A place to find healing and hope. This year, the Crime Victim Center of Erie County has been helping people with overwhelming challenges for 50 years.

Find out how the priceless offerings have saved lives, and how the community can get involved in the advocacy too.

Resilience from rotten situations, like sexual abuse.

That is the crime that the Crime Victims Center first started helping victims with, 50 years ago.

And it was after a woman named Joan Martin saw the need.

"She started the very first service, which was a crisis hotline 24/7, which we still maintain to this day," said Paul Lukach, Executive Director. 

While it served as a lifeline, the years produced more services and advocacy for crime victims.

"We are there to help them through any type of medical exam they might need," said Lukach. "We are there to help them with their police reporting. We are there to help them in the justice system."

Paul Lukach has been the Crime Victim Center's executive director for more than a decade. He oversees a seasoned staff of about 30, from the West 18th Street office in Erie, helping children, teens, and adults deal with heavy issues.

"It could be a home invasion. It could be a carjacking. It could be the gun violence that we see, it could be bullying," said Lukach. "If we are serving you as a client, there will never be a charge."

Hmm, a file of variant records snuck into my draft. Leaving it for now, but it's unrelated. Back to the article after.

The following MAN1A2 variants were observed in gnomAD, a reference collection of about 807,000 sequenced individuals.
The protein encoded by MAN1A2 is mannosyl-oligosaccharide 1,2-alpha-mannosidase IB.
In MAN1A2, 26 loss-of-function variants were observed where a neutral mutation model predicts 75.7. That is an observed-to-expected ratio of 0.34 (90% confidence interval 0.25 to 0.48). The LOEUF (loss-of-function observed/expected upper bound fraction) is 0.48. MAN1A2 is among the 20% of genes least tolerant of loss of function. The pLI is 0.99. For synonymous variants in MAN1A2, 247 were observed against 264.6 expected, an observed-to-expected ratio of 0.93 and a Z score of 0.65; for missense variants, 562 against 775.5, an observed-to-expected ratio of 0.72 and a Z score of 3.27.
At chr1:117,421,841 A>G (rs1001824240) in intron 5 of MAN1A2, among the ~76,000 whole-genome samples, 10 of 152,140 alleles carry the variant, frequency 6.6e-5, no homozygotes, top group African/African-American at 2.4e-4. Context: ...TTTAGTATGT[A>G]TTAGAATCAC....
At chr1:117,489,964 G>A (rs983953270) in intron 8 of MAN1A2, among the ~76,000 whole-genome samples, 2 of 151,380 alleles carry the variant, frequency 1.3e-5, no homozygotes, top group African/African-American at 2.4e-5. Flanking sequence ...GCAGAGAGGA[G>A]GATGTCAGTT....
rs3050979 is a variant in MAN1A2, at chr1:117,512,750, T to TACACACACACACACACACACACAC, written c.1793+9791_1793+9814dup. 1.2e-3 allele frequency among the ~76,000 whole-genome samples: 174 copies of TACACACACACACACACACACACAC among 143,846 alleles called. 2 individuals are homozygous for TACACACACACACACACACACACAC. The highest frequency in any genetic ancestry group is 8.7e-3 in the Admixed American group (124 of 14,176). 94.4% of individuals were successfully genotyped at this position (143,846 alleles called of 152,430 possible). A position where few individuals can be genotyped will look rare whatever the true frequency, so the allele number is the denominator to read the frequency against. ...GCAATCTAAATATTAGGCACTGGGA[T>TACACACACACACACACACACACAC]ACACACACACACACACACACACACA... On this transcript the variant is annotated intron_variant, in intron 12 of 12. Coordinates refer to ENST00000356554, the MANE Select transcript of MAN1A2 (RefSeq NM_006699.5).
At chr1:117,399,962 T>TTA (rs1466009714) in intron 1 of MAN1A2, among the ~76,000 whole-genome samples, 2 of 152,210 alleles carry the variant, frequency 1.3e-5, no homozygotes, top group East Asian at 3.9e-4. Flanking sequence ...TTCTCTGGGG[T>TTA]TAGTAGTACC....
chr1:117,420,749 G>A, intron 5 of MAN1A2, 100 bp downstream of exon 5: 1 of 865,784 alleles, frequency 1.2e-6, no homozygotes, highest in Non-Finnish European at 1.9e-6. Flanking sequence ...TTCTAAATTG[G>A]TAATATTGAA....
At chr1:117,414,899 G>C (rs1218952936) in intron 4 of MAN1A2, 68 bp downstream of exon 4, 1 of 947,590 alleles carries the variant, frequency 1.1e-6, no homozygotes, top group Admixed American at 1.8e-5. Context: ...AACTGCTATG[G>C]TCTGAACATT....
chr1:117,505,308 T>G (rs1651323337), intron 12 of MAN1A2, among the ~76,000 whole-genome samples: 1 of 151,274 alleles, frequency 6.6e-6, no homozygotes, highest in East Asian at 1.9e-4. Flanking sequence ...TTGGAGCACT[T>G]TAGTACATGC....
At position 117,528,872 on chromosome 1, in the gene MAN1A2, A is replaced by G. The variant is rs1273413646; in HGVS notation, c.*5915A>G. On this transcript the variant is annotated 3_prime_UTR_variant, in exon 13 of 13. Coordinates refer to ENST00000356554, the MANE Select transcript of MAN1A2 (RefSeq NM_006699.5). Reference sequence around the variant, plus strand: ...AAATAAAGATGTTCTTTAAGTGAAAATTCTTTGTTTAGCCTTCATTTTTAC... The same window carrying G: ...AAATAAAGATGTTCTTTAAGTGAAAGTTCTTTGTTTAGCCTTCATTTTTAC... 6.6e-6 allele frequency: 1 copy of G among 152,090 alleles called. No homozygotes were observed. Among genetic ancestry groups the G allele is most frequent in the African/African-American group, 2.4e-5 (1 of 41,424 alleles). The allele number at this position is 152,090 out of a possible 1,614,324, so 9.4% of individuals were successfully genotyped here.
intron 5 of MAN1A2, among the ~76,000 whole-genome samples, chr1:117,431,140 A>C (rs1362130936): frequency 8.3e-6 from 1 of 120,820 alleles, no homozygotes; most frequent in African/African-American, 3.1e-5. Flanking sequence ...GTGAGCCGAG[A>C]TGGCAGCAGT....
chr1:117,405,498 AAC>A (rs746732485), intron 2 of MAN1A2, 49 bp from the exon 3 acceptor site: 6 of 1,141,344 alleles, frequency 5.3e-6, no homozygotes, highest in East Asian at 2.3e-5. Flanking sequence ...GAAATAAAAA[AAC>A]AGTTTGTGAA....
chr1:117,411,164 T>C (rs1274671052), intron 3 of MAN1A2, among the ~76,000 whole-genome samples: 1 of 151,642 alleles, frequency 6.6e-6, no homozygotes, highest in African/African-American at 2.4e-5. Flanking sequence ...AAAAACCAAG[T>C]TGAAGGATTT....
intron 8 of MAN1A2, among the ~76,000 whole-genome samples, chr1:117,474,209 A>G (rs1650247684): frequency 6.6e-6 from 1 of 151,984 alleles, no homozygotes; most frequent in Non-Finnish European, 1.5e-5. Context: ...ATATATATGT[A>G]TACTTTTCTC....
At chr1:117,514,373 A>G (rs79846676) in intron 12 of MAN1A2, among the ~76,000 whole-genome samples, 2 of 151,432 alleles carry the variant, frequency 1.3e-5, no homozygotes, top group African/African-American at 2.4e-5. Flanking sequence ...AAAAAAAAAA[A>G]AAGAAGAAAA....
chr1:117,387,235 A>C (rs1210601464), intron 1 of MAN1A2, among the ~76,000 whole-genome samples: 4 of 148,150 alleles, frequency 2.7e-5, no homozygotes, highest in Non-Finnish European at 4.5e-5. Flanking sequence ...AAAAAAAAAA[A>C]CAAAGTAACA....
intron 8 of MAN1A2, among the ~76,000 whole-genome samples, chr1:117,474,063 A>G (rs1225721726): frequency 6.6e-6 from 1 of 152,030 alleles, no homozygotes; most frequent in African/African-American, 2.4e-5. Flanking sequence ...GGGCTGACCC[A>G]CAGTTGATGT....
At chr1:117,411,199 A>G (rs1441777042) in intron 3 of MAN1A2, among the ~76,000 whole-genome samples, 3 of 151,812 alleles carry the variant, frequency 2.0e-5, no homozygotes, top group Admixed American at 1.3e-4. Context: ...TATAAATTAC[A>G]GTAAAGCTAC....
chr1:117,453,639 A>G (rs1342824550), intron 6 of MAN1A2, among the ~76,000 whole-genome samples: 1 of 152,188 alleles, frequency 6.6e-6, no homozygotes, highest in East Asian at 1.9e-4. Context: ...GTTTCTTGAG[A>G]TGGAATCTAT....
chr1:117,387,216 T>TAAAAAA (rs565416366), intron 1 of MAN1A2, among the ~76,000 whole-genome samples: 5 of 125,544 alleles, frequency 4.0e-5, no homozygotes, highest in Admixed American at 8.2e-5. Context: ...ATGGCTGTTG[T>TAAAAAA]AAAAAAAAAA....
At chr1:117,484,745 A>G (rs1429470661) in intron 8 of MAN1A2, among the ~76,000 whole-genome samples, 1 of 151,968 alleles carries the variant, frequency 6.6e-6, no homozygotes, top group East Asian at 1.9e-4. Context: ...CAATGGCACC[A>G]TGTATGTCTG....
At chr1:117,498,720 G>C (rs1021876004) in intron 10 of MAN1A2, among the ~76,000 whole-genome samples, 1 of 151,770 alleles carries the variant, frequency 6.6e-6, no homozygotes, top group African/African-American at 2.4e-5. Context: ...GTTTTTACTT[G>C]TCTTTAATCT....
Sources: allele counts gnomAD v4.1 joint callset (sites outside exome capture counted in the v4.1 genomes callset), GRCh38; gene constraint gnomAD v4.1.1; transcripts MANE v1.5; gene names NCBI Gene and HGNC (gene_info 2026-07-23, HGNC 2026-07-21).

And if there was a charge, Patti Starvaggi might not be the survivor she now is.

"I will never be able to repay them for everything they've done for me," said Patti. "Ever." 

She sought help from the center, years after dealing with sexual abuse at home by the hands of her stepfather.

"My mother was sick with cancer at the time," said Patti.  "So, she wasn't able to be with family all the time."

Group and private counseling—at no charge—helped Patti.

Art therapy and other services were offered too.

"The counselors that are here are not here to solve your problems," said Patti. "They're here to teach you how to get through life."

The Crime Victim Center helped her give back, by becoming a board member.

Patti removed the mask she was under to support the organization that has given her and countless others the strength to survive.

Even if you have never used the services, here's how you can help the Crime Victims Center continue its work. There are two big events coming up:

Bowties and Baseball on June 30th, a ticketed Star Wars-themed event at the Erie SeaWolves game to benefit victims, and Moonlight on the Bay, September 8th.